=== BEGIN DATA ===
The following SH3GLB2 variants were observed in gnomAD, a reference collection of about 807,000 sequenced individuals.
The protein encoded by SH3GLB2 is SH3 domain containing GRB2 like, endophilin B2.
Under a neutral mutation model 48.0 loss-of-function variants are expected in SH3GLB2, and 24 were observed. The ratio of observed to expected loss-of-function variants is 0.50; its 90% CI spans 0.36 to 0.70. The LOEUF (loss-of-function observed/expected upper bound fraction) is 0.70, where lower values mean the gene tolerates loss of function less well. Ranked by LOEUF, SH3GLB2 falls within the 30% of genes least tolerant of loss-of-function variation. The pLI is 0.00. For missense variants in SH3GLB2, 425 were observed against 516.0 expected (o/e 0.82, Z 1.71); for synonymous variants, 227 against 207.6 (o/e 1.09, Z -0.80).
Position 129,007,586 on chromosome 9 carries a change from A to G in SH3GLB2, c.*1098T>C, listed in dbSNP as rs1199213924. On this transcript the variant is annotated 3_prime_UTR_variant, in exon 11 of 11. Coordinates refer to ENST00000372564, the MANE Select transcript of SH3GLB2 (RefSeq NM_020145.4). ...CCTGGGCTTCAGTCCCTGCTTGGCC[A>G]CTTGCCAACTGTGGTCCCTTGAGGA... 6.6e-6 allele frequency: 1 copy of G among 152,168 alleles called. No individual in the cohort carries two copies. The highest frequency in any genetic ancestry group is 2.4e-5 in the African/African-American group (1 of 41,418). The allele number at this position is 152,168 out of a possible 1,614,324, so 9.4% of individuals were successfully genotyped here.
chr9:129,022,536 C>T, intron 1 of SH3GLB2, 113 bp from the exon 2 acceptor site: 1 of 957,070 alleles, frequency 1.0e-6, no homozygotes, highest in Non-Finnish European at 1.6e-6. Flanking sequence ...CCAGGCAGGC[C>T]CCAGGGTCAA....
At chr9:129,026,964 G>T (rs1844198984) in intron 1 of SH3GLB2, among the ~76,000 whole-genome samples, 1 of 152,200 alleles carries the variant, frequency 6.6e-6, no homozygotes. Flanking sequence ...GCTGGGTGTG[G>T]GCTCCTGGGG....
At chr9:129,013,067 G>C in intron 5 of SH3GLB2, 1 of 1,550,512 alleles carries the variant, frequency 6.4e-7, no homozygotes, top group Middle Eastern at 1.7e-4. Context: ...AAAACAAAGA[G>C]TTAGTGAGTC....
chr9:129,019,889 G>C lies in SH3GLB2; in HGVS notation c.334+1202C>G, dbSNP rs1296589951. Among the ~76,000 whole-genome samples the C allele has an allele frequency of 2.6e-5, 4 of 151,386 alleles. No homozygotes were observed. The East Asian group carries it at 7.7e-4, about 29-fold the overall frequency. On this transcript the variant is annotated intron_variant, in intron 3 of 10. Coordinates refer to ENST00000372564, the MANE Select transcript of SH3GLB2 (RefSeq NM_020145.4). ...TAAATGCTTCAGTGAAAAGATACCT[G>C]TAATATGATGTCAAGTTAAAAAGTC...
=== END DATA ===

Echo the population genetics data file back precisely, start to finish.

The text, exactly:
The following SH3GLB2 variants were observed in gnomAD, a reference collection of about 807,000 sequenced individuals.
The protein encoded by SH3GLB2 is SH3 domain containing GRB2 like, endophilin B2.
Under a neutral mutation model 48.0 loss-of-function variants are expected in SH3GLB2, and 24 were observed. The ratio of observed to expected loss-of-function variants is 0.50; its 90% CI spans 0.36 to 0.70. The LOEUF (loss-of-function observed/expected upper bound fraction) is 0.70, where lower values mean the gene tolerates loss of function less well. Ranked by LOEUF, SH3GLB2 falls within the 30% of genes least tolerant of loss-of-function variation. The pLI is 0.00. For missense variants in SH3GLB2, 425 were observed against 516.0 expected (o/e 0.82, Z 1.71); for synonymous variants, 227 against 207.6 (o/e 1.09, Z -0.80).
Position 129,007,586 on chromosome 9 carries a change from A to G in SH3GLB2, c.*1098T>C, listed in dbSNP as rs1199213924. On this transcript the variant is annotated 3_prime_UTR_variant, in exon 11 of 11. Coordinates refer to ENST00000372564, the MANE Select transcript of SH3GLB2 (RefSeq NM_020145.4). ...CCTGGGCTTCAGTCCCTGCTTGGCC[A>G]CTTGCCAACTGTGGTCCCTTGAGGA... 6.6e-6 allele frequency: 1 copy of G among 152,168 alleles called. No individual in the cohort carries two copies. The highest frequency in any genetic ancestry group is 2.4e-5 in the African/African-American group (1 of 41,418). The allele number at this position is 152,168 out of a possible 1,614,324, so 9.4% of individuals were successfully genotyped here.
chr9:129,022,536 C>T, intron 1 of SH3GLB2, 113 bp from the exon 2 acceptor site: 1 of 957,070 alleles, frequency 1.0e-6, no homozygotes, highest in Non-Finnish European at 1.6e-6. Flanking sequence ...CCAGGCAGGC[C>T]CCAGGGTCAA....
At chr9:129,026,964 G>T (rs1844198984) in intron 1 of SH3GLB2, among the ~76,000 whole-genome samples, 1 of 152,200 alleles carries the variant, frequency 6.6e-6, no homozygotes. Flanking sequence ...GCTGGGTGTG[G>T]GCTCCTGGGG....
At chr9:129,013,067 G>C in intron 5 of SH3GLB2, 1 of 1,550,512 alleles carries the variant, frequency 6.4e-7, no homozygotes, top group Middle Eastern at 1.7e-4. Context: ...AAAACAAAGA[G>C]TTAGTGAGTC....
chr9:129,019,889 G>C lies in SH3GLB2; in HGVS notation c.334+1202C>G, dbSNP rs1296589951. Among the ~76,000 whole-genome samples the C allele has an allele frequency of 2.6e-5, 4 of 151,386 alleles. No homozygotes were observed. The East Asian group carries it at 7.7e-4, about 29-fold the overall frequency. On this transcript the variant is annotated intron_variant, in intron 3 of 10. Coordinates refer to ENST00000372564, the MANE Select transcript of SH3GLB2 (RefSeq NM_020145.4). ...TAAATGCTTCAGTGAAAAGATACCT[G>C]TAATATGATGTCAAGTTAAAAAGTC...